Pretty much weekly, I get students and other musicians messaging me or sending questionnaires about how to become a music producer. I’m generally happy to answer, as I’m not precious about what I do.  In fact, I thought I might actually write this all down in the hope that it’s useful to someone else.  

I’ll do it in a number of parts as there’s a quite a lot to say. In this first part, I’ll give a bit of my background story.

I was obsessed with music pretty much since I was born.  As the youngest of four children, I was surrounded by different musical tastes from the word go and absorbed them all;  One sister listened to rock, the other listened to pop, my brother introduced me to hip hop, indie and weird 70s psychedelic stuff.  My Dad listened to classical and my Mum listened to music from the 50s and 60s, as well as taking me to church where I heard lots of folk and organ music in the church, and traditional Irish music from the church club.

Me (the small angry one) and my siblings, last week.

My Mum also taught me to harmonise at an early age by singing hymns and showing me and my brother how to do the harmonies.

I made up my first song at the age of 4 – it was called Dark Tunnel as I was a bit scared of going through train tunnels.  I have a vague recollection of performing it in front of my family with a home-made drum kit made of a bucket, a biscuit tin, a saucepan lid and an ironing board leg. This was my go-to drum kit for the next decade!

My first band (Jenimb, an anagram of Ben and my mate Jim) was formed at the age of about 7.   Jim and I simply pressed record on our tape recorder, hit my “drums” with wooden spoons, strummed chordlessly on a cheap, out-of-tune Argos guitar, and sang whatever came into our heads.  We recorded three albums this way, and I still have a couple of the cassettes.

Here’s a short, political track that we made called War. Hear our anger.

Me and Jim. Eating crisps, while we should have been making more albums.

However, one of Jenimb’s great innovations was “studio” recording, where we’d record our buckets and guitars onto a cassette and then play that cassette back right next to another tape recorder which would pick up the buckets and guitars but also record our randomly-plonked pianos and vocals.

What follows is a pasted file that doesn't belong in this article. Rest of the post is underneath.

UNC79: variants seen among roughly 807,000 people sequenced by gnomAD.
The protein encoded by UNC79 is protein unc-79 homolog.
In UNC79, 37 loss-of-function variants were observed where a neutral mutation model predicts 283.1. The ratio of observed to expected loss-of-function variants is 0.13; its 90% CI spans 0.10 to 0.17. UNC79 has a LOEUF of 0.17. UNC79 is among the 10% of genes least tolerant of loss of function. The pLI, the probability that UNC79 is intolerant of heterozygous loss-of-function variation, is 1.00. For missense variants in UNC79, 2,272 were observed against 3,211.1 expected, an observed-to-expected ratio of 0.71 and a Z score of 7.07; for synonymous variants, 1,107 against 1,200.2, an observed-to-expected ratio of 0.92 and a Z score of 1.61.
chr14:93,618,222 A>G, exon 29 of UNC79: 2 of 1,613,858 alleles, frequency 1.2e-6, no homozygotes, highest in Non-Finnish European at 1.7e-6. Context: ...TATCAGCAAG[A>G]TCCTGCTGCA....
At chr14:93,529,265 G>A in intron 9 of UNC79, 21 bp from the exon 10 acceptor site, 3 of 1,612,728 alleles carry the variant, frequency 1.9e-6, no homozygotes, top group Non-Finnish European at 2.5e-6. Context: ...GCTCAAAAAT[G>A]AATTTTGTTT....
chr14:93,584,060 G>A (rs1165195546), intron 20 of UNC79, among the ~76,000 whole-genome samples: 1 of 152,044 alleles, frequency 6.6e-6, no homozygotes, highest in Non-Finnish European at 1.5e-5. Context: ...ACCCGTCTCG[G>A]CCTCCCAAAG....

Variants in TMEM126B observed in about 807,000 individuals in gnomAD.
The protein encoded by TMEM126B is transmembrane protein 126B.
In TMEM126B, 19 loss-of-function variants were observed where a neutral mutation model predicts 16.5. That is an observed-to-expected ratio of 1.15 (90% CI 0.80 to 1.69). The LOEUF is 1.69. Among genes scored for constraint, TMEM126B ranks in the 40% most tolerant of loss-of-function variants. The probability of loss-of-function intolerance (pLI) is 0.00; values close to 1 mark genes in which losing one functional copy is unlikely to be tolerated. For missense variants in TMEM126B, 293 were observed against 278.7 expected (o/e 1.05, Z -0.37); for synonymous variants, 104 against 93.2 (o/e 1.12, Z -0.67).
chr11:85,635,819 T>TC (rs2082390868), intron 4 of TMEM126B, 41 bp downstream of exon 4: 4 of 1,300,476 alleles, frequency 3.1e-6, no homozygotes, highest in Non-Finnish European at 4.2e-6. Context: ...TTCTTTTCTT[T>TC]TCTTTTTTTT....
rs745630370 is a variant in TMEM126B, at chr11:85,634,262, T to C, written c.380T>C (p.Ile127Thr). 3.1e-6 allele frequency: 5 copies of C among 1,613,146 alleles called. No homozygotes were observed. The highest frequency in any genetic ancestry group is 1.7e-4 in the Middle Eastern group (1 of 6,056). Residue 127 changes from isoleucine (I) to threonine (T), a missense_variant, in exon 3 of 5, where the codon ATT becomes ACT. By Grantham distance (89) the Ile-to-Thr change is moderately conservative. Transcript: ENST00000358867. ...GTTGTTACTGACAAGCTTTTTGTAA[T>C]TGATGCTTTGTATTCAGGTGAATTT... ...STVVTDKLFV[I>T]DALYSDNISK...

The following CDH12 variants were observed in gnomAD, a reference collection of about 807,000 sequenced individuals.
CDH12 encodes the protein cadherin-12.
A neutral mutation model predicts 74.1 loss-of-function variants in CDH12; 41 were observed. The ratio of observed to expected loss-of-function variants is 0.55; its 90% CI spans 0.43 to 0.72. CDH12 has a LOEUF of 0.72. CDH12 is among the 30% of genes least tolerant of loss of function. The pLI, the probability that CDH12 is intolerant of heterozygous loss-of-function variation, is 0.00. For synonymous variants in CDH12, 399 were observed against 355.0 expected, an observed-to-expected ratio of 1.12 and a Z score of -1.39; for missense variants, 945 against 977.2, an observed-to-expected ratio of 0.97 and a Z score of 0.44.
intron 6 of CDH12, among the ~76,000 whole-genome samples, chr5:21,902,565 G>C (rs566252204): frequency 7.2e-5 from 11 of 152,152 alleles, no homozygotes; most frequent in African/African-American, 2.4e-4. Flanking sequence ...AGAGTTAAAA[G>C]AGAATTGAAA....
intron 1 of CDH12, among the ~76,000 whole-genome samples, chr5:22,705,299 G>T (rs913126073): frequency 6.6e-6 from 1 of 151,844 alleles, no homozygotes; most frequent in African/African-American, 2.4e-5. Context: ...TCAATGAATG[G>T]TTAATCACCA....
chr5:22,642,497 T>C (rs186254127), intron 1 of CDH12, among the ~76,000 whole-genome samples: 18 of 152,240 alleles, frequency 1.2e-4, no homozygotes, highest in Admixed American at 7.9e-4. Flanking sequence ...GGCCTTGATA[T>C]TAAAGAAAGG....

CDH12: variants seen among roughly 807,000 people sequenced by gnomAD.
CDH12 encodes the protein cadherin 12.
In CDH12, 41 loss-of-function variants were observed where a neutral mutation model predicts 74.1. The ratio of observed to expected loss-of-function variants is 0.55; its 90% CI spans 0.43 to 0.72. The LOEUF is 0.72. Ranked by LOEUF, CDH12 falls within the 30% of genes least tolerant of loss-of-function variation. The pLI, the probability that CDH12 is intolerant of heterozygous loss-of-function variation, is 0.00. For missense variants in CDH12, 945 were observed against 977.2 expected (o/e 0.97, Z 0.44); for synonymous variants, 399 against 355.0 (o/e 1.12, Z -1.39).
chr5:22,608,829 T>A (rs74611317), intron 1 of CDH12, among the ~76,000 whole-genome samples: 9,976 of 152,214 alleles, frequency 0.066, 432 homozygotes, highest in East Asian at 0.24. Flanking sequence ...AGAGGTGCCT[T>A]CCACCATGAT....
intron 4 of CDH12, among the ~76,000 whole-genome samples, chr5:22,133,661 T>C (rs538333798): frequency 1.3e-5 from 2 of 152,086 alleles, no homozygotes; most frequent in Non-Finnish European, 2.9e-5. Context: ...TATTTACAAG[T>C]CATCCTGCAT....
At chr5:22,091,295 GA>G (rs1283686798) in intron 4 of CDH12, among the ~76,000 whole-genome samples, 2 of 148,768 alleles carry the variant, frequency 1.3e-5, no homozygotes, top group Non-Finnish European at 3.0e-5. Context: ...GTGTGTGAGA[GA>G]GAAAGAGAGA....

This was genius.  We were convinced of our greatness, and that early conviction fuelled my music for the next few years.  I taught myself guitar and the very basics of keyboards.  But what I really wanted was to play drums.

At the age of 13, I was in Derby centre with my Mum and I dragged her into the local drum shop, as I always did, as a strong hint.  The guy in the shop let me have a go on an ancient budget Premier kit and did a bit of hinting himself – seeing as I’m so enthusiastic, he’ll let this kit go for £95.

My Mum took the hint.  Christmas was coming up, followed by my birthday.  If I was willing to have this as a joint Christmas and birthday present, and up my household chores, then she’d buy it.

I was ecstatic, and poured myself into drums, forming a series of bands – Dedd Cloze, The Relics, Broken Toys, Fatal Comfort, and other awful teenage two-word band names.

Me, aged 14. When I got the picture back I was annoyed with my Mum for not getting the drum kit into the photo!

For me, the goal for every band was always the same – to get signed and be as successful as possible.  I wanted to be playing multiple nights at Wembley Stadium by the age of 20.

However, I couldn’t admit this to my head teacher when he quizzed each of us before our GCSEs on what we wanted for our future career.  “International rock star”, even from a 14-year-old, seemed rather quixotic, so I told him I wanted to be a producer.

He suggested I might want to do more than just play drums.  And with that, I branched out in other areas.  I wrote all the songs and music for school musical with my best mate Matt at the age of 16; I started putting together MIDI on Cubase; I rented a four-track cassette recorder to try things out; I borrowed an effects pedal; I wrote more songs and played more guitar.  It was all looking pretty good and I was happy to spend all my free time making music.

Musically, my twenties consisted largely of rehearsing and gigging with a succession of bands.  One band called Pala did reasonably well, getting national radio play, playing hundreds of gigs over the UK and releasing a handful of singles but that petered out towards the end.  (We still occasionally play and record just for fun).

In my mid/late twenties, I decided to take control of things in any bands I was in, writing all the songs and doing all the organising, but ultimately, it was doomed to fail.  I was not having one bit of fun, I was jaded and had completely lost sight of the actual enjoyment of playing music.

On stage, just before I quit band life for good.

Then a weird thing happened. On my 30th birthday, I woke and simply realised that I didn’t have to do band stuff any more.   I quit the band I was in – it was such a massive relief and a weight lifted off my shoulder.

The question then was what I was going to do musically. Bands were pretty much all I’d ever known.

I’d been getting more and more into there recording side of things – it was always the thing I enjoyed the most about being in a band – and I focussed in on my recording equipment. That’s for part 2.

UPDATE: Here’s Part 2!